The 'Likelihood of Confusion' Test
There are several common reasons the U.S. Patent and Trademark Office (USPTO) refuses to register a trademark. Among the most common is the likelihood of confusion with another registered trademark. The USPTO can do this because your mark may conflict with an existing trademark or a pending trademark application filed before yours.
Before paying your nonrefundable filing fees to the USPTO, determine if your proposed trademark will pass the "likelihood of confusion" test below.
Likelihood of Confusion Test
This is a legal basis that the USPTO may use to refuse registration of your trademark. The USPTO trademark refusal rationale is to avoid trademark infringement with a similar trademark.
After a trademark application is filed, the assigned USPTO examining attorney will search the records. They will determine if a conflict exists between the mark in the application and another mark. The other mark must be already registered or pending before the USPTO.
The examining attorneys with the USPTO use two principal factors in considering granting a trademark or service mark.
The two principal factors in determining whether there is a likelihood of confusion are:
- The similarity of the marks
- The commercial relationship between the goods and services listed in the application
Similarity of the Marks
The initial test here is whether, by name alone, a consumer would confuse it with an existing mark. The marks do not have to be identical to find a conflict. Your trademark does not need to be identical to the currently registered mark. The issue falls on whether a reasonable person would be confused by the existence of two similar marks.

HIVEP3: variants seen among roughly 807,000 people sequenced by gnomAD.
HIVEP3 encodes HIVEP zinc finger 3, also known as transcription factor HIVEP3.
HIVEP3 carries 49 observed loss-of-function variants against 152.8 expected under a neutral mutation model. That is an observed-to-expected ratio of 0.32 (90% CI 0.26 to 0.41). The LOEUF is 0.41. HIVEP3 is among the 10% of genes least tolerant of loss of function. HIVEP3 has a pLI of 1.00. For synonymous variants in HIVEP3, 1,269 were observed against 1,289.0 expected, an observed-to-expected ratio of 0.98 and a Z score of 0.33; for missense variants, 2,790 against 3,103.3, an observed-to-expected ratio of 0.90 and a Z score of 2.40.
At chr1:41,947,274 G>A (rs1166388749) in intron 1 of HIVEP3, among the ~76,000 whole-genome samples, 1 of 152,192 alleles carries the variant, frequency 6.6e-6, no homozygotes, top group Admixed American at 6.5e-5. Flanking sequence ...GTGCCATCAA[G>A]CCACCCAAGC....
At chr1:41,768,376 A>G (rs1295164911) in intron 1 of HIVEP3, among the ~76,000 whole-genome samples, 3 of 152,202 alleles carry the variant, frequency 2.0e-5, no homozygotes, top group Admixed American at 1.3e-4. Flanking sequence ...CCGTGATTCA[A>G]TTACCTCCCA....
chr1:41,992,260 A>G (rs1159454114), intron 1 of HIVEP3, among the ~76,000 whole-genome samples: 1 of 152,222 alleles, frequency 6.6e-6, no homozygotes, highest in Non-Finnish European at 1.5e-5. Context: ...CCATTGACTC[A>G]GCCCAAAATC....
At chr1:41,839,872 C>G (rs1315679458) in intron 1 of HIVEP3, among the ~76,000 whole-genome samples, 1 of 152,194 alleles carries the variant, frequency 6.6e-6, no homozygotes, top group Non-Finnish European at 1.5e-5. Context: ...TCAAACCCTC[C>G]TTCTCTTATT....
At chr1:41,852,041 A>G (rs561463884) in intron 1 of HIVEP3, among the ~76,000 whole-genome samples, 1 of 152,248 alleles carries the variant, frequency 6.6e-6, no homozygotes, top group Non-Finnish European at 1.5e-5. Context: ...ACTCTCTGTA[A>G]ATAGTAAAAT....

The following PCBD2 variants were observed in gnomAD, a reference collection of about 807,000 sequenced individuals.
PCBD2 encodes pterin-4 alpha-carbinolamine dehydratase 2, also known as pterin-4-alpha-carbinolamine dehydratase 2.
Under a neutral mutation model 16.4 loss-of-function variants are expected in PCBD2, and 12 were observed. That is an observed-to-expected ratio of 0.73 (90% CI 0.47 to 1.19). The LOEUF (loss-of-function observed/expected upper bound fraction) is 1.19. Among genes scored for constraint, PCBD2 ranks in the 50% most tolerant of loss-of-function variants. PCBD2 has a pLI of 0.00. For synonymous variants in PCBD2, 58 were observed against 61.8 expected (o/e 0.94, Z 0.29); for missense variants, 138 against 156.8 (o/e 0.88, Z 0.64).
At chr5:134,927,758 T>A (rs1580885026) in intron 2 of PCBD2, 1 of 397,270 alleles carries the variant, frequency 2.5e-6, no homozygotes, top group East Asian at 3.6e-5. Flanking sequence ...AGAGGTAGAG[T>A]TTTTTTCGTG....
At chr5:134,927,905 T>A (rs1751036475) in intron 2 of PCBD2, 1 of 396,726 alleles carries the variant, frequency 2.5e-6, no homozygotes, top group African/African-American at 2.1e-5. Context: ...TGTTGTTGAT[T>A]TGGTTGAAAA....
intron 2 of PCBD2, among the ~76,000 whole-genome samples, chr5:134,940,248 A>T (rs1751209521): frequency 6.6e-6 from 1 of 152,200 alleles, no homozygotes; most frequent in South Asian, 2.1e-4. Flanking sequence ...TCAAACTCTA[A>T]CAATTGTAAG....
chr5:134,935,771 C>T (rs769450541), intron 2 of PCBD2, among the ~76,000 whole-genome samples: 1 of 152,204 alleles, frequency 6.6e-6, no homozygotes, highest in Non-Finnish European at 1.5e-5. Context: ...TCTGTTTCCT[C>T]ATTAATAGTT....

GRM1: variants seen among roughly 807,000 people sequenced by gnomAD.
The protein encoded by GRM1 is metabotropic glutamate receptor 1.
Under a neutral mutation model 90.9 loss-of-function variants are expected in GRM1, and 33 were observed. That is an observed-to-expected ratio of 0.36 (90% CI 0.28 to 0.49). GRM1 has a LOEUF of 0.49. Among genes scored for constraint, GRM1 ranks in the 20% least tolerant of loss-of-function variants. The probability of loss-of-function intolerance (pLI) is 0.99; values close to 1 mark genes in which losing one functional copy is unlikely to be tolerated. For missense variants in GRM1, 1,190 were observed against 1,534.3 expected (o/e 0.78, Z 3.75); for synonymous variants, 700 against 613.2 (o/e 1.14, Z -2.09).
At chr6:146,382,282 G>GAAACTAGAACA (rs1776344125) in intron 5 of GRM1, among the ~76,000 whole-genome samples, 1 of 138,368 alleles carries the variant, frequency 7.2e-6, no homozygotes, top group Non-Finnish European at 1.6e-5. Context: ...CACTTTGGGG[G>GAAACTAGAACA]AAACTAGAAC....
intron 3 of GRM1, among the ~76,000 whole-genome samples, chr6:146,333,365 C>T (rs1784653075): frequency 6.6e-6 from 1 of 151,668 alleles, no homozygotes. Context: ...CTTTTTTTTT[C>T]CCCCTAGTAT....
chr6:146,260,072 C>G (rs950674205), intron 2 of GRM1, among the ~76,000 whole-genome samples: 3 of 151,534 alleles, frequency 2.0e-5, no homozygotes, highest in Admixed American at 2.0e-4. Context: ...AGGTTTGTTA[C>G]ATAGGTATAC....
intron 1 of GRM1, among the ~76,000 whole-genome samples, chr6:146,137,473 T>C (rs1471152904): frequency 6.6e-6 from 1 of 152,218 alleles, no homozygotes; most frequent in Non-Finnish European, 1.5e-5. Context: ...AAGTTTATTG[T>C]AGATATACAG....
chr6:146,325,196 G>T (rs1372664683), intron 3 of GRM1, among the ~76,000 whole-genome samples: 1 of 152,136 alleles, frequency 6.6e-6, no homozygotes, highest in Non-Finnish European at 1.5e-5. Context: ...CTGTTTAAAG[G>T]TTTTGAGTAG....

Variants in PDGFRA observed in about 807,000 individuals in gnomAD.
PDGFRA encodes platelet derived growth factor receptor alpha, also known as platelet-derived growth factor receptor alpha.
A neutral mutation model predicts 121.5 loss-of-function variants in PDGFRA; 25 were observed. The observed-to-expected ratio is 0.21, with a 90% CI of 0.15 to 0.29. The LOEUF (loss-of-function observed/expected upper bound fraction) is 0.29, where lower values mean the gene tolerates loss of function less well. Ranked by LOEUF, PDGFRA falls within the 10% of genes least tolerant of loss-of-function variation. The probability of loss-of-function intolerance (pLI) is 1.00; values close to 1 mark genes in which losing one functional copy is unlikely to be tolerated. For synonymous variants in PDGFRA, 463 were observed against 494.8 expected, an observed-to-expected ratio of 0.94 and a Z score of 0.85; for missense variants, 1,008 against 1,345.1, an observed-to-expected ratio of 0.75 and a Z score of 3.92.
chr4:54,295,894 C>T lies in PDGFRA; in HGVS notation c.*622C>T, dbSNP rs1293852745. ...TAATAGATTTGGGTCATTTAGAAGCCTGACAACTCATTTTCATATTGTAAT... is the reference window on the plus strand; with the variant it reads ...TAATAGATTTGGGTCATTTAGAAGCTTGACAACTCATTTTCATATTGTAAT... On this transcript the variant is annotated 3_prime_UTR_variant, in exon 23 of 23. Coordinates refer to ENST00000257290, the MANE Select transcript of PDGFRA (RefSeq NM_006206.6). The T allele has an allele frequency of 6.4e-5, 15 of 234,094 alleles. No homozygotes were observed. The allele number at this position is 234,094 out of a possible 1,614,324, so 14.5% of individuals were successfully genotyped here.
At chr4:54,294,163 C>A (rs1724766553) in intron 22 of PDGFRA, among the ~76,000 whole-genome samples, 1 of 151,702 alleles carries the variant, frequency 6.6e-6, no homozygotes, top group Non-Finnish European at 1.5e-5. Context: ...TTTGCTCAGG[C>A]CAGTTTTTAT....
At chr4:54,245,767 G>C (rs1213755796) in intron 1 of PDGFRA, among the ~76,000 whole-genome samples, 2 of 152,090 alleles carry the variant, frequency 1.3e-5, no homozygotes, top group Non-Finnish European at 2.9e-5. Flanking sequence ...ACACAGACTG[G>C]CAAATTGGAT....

Here are some examples:
- If you applied for the mark "Apple," then it is similar to the computer company's registered mark "Apple." It is identical and would confuse others by the name alone.
- If you applied for the mark "AppL," then it may be found to be still similar to the computer company's registered mark "Apple." Phonetic spellings can be too similar.
Commercial Relationship Between the Goods and the Mark
When you file a trademark application, you must specify a classification of goods or services. This is sometimes called the trademark class.
Similar to the mark, the goods and services do not have to be the same for an examining attorney to reject it. It may be enough that the marks are similar and the goods and services related.
Here are some examples:
- If you filed the trademark application for "AppL," but your trademark class of goods is for dog toys, then it likely would not confuse a consumer. An examiner may reject your registration.
- You filed the trademark application for "AppL."Your trademark class of goods is for electronic goods. The pre-existing "Apple" trademark class is also for electronic goods. It would confuse consumers since it is the same class of goods. An examiner will reject your application.
Steps To Take if a Conflict Exists With Another Pending Application
Suppose a conflict exists between your mark and a mark in a pending application filed before your application. In that case, the examining attorney will notify you of the potential conflict. At that point, you can amend your application or provide specimens in support of your mark.
Another option the examining attorney may take is to suspend action on your application until they decide on the other application.
If the examiner grants the earlier filed application registration, the examining attorney will reject yours. The USPTO will refuse registration of your mark because of the likelihood of confusion.
Steps To Take After a Mark Refusal